By Michelle Warwicker
Scientists have provided insight into why unrelated chimpanzees co-operate with each other outside a sexual relationship.
The team of international researchers found that increased levels of the hormone oxytocin played an intrinsic role in non-kin co-operation.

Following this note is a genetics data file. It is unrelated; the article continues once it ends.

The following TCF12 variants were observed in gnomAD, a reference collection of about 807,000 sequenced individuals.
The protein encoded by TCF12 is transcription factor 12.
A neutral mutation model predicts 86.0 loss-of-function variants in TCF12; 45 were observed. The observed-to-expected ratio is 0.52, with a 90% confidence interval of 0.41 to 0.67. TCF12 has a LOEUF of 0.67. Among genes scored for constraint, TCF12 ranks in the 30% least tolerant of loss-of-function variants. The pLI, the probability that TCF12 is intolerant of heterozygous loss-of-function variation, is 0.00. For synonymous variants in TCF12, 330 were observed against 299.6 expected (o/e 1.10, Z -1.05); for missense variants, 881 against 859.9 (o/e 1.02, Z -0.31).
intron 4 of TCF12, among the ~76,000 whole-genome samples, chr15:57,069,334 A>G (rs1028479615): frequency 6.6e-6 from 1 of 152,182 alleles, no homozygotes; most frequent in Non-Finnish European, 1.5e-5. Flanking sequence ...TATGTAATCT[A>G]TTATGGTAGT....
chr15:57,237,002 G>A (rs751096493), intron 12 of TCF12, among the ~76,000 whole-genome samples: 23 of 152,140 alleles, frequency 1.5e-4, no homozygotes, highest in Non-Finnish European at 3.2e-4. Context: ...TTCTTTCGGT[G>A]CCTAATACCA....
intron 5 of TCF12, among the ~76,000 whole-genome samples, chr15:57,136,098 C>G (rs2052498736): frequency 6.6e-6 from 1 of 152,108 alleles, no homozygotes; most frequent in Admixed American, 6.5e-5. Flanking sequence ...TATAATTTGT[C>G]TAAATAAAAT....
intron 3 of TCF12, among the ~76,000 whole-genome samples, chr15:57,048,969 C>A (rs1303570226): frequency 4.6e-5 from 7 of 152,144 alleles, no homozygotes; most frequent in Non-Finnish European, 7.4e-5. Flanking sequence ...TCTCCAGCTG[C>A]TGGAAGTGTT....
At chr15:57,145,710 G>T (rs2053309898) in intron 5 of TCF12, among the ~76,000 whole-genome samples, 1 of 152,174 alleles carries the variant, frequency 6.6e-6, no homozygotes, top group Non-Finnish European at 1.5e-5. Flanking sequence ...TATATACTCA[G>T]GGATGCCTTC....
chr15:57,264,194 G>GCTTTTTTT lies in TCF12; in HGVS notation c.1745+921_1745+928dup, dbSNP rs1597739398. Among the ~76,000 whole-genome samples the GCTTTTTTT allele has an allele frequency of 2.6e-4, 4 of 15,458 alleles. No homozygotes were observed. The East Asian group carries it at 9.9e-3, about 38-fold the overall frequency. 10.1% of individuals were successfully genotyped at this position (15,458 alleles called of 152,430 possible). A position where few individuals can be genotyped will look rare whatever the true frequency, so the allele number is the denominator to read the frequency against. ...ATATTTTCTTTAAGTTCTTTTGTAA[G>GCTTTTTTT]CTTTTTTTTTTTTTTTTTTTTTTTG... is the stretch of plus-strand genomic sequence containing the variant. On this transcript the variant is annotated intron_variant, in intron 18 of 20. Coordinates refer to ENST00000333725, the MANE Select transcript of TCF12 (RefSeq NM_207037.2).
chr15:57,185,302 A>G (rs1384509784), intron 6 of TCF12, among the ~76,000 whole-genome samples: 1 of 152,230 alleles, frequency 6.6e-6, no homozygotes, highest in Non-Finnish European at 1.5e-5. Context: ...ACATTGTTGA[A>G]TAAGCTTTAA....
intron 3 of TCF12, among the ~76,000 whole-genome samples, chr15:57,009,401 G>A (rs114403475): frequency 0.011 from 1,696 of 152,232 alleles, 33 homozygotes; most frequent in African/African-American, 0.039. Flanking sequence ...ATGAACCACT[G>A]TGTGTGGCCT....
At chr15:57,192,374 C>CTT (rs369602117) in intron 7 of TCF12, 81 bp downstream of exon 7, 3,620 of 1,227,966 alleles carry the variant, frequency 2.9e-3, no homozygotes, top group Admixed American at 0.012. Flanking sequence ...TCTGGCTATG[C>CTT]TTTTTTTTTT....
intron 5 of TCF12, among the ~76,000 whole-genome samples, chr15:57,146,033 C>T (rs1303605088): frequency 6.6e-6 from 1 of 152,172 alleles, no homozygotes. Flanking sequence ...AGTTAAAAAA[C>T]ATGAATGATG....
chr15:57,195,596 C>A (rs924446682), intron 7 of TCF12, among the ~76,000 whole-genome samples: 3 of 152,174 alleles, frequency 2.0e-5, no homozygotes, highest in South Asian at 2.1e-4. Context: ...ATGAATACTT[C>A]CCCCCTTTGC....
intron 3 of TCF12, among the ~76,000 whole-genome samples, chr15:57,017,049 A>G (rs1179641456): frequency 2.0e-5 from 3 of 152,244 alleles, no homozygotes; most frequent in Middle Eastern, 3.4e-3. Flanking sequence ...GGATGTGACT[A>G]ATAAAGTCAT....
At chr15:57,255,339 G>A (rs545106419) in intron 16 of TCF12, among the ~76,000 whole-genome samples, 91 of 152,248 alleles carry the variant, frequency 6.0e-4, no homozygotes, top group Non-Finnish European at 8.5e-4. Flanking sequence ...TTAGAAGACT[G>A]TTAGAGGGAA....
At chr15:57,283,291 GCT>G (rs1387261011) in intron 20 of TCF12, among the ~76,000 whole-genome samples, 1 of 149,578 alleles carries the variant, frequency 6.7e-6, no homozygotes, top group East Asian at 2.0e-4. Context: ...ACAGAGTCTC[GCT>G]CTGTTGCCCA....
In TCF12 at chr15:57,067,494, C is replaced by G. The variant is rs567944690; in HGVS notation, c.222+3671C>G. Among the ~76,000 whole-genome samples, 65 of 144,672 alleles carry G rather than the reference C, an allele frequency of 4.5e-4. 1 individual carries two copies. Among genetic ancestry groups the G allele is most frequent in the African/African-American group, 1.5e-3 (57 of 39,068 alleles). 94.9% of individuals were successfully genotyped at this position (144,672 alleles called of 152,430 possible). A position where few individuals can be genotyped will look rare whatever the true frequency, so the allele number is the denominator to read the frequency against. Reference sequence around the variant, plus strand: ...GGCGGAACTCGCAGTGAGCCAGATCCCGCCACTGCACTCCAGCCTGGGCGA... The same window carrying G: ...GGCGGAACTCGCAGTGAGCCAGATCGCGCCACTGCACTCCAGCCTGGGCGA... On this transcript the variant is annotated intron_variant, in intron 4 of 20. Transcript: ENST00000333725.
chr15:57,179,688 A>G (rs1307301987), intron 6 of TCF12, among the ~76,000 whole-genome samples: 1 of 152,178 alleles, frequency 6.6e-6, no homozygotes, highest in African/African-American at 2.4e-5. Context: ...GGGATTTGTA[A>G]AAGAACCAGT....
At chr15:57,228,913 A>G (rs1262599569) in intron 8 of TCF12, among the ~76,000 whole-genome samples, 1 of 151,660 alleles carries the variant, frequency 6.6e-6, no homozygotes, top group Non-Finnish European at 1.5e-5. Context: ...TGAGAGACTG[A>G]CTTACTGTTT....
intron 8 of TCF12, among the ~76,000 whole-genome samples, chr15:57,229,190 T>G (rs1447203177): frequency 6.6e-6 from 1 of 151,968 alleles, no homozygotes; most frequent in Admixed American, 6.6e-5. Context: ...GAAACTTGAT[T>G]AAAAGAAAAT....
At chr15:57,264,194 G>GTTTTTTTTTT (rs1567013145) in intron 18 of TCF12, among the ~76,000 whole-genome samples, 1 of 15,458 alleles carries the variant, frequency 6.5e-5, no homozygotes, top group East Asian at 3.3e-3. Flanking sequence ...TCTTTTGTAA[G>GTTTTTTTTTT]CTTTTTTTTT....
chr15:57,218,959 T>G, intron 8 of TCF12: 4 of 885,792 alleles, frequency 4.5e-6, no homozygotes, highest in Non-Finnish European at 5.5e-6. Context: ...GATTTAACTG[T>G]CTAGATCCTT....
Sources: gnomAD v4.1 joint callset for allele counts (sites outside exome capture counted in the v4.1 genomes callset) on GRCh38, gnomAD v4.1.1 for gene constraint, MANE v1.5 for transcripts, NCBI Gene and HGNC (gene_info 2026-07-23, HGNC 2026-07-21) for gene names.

Wild chimps that had taken part in a grooming session with a “bond partner” had higher levels of the hormone in their urine than after grooming with a “non-bond partner”, irrespective of whether the individuals were related.
Results of the study are published in the journal Proceedings of the Royal Society B.
Read more at: BBC Nature